Almost every one of the 490 secondary schools has a "secrets" page, but there's also controversy about them. For that reason, the four were willing to talk only if their real names were not disclosed. Anastasia and Winnie manage Maryknoll Convent School's secret page, MCS Secrets. Billy and Henry, founders of Elite Secrets, would not identify their schools.
As they spoke, the secrets on their pages kept updating.
"We have another administrator sitting in her office, posting secrets for us now," Henry says. Anastasia and Winnie get help from three others to keep MCS Secrets running.
Online for only about two weeks - Elite was born on April 26 - these secret pages have already polarised comments from both the schools and students.
Some students love the idea because it provides a platform where they can share and learn more about their schools. Teachers and principals who embrace it say it's a good way to hear real opinions from students, who generally are not allowed to take part.
But there are also students afraid of becoming the targets of cruel exposes, and schools that fear damage to their reputations.
Billy and Henry, however, say Elite Secrets actually teaches people to be responsible online under anonymous conditions, and the negative comments stem from misunderstandings.
"Most of the time, people correct inaccurate information in previous secrets. It's a community which actively self-regulates," Henry says. The trio also remove inappropriate and defamatory posts, acting quickly once they receive complaints.
He cited one instance when a boy, a victim of trolling years ago after a video of him giving a speech appeared on local television, was mentioned on Elite. The post generated thousands of views in a short period of time. To head off unnecessary online bullying, Henry says: "We removed it within an hour of its appearing."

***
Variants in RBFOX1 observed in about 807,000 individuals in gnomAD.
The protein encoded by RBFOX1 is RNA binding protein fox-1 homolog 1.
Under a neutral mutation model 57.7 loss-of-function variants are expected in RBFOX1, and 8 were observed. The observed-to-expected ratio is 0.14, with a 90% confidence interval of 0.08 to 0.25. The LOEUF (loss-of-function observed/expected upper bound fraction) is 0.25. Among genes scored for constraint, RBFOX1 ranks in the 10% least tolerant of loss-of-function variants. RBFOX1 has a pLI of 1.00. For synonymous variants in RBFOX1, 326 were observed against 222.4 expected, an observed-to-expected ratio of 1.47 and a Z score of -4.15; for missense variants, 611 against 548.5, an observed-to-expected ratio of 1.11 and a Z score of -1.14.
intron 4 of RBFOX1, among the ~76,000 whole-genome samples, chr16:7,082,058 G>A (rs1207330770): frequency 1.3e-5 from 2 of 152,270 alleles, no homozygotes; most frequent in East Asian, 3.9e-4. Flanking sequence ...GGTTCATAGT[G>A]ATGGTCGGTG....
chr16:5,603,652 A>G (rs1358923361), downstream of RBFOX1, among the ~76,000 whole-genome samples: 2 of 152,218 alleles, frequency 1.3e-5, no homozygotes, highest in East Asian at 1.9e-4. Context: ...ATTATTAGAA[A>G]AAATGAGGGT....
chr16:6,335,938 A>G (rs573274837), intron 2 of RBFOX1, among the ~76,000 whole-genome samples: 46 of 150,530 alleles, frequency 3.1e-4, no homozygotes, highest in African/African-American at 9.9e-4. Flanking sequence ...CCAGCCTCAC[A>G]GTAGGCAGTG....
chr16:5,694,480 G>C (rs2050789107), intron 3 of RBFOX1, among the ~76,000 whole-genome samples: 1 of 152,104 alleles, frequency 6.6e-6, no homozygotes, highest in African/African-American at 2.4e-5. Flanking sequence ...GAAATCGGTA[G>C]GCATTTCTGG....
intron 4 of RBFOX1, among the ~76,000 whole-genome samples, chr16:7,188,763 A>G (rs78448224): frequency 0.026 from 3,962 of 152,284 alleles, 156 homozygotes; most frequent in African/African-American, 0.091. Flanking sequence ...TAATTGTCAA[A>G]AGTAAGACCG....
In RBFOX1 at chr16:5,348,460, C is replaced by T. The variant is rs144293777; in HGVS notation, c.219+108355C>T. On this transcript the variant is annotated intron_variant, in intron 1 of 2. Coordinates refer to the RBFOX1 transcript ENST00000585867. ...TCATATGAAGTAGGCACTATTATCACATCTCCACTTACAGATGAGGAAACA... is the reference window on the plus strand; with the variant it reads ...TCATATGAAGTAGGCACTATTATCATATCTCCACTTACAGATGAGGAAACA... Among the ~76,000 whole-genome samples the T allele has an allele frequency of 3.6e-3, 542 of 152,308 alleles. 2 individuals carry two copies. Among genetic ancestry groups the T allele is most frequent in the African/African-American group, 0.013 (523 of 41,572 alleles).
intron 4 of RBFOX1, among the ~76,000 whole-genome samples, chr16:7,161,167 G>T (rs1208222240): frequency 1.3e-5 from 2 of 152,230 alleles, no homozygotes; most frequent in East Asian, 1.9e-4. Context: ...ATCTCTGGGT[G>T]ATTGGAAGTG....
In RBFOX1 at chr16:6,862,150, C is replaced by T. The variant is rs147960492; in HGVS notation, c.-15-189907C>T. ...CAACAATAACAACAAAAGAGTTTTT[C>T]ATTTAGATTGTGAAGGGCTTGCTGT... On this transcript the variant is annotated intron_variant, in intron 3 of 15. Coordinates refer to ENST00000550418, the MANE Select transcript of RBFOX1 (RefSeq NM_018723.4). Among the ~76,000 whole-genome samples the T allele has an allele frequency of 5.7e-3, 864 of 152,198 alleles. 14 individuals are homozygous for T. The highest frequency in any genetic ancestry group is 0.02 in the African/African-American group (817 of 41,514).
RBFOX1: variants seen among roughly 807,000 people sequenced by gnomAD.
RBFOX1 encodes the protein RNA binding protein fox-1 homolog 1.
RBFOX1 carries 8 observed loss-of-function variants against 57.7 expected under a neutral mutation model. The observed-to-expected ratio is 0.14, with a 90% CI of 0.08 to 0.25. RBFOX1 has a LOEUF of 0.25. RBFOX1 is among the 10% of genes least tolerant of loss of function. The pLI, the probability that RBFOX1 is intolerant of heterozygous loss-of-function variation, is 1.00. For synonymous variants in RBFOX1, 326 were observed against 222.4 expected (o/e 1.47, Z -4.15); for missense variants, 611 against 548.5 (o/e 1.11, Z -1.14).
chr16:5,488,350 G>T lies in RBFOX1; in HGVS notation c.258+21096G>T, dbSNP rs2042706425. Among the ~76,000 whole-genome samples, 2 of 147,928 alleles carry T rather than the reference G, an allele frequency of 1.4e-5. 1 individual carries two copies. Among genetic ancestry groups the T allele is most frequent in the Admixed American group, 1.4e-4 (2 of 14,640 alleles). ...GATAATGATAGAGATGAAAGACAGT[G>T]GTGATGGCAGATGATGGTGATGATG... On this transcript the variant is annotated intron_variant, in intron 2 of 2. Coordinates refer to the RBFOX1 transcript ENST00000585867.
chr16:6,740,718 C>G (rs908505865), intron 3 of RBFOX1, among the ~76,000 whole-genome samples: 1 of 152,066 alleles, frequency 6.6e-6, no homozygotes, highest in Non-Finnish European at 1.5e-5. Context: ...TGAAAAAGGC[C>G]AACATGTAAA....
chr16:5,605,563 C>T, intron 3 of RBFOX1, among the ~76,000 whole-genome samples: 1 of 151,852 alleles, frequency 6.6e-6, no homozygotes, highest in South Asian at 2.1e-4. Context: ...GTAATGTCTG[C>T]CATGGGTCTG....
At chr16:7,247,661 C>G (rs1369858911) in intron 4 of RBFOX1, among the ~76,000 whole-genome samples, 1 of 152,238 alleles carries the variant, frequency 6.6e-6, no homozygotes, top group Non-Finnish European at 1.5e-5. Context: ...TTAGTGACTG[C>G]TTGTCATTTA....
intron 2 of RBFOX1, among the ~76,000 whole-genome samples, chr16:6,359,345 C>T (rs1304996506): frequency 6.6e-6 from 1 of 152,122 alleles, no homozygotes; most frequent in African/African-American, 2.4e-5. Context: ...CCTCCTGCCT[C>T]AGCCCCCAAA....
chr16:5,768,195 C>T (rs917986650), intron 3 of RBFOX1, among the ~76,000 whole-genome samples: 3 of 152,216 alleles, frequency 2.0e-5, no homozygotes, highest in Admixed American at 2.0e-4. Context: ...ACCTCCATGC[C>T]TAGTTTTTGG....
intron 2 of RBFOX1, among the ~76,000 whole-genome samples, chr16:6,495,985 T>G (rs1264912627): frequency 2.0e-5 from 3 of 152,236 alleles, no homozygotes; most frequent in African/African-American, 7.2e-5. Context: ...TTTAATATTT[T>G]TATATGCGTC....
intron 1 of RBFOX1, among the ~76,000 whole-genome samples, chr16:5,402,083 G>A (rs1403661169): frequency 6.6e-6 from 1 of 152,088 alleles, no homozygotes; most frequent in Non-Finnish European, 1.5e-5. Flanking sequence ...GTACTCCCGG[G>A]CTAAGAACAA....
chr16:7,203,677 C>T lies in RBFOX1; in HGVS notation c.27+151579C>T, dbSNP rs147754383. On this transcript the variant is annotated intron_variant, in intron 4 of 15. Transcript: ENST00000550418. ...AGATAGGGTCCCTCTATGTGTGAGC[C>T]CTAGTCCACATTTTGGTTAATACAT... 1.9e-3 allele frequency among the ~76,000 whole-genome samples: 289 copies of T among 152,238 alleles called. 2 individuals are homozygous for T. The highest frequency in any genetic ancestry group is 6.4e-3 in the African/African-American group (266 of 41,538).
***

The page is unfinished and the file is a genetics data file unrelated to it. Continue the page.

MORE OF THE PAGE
Some school officials appreciate the efforts the administrators make. Henry says he and Billy once saw a message sent in by a Good Hope School student during assembly. She said her principal was happy to see such platforms existed, as they showed how students were concerned about their schools. The principal later added her comment: "Hi, Hopers, like to meet you here."
If some messages seem mean, it may be because they are read out of context. "One of the teachers was talked about a lot on the page recently. He was told about it and he seemed quite happy to be the talk of the town," Winnie says.
Henry says: "Ultimately, we just want to provide a free platform for students of the same school and different schools to bond and form their own community."
One of his favourite types of secret is the love post. "We've had students sending messages to our inbox asking us to post their love messages because they know the person they like reads our site regularly and has to go overseas to study soon." Sometimes, posters get a positive response from their recipients, which gives administrators and the internet community alike a tingly feeling.
Henry said the Elite team felt particularly encouraged when they received a message along the lines of: "Remember to charge your phone fully: 10 per cent for phone calls, 20 per cent for texts, and the rest for Elite Secrets."
Billy, who's in charge of Elite's technological side, says that at its peak, it received more than 1,000 secrets and was visited by 900,000 users. The team still get about 200 secrets a day, and the page about 700,000 hits a day. The MSC Secrets page, says Anastasia, also gets about 200 secrets a day.
Although the number of secrets is gradually decreasing, all the administrators say they will persist.
Henry says: "You get new secondary school students every year, and that's why I think the number of users will grow."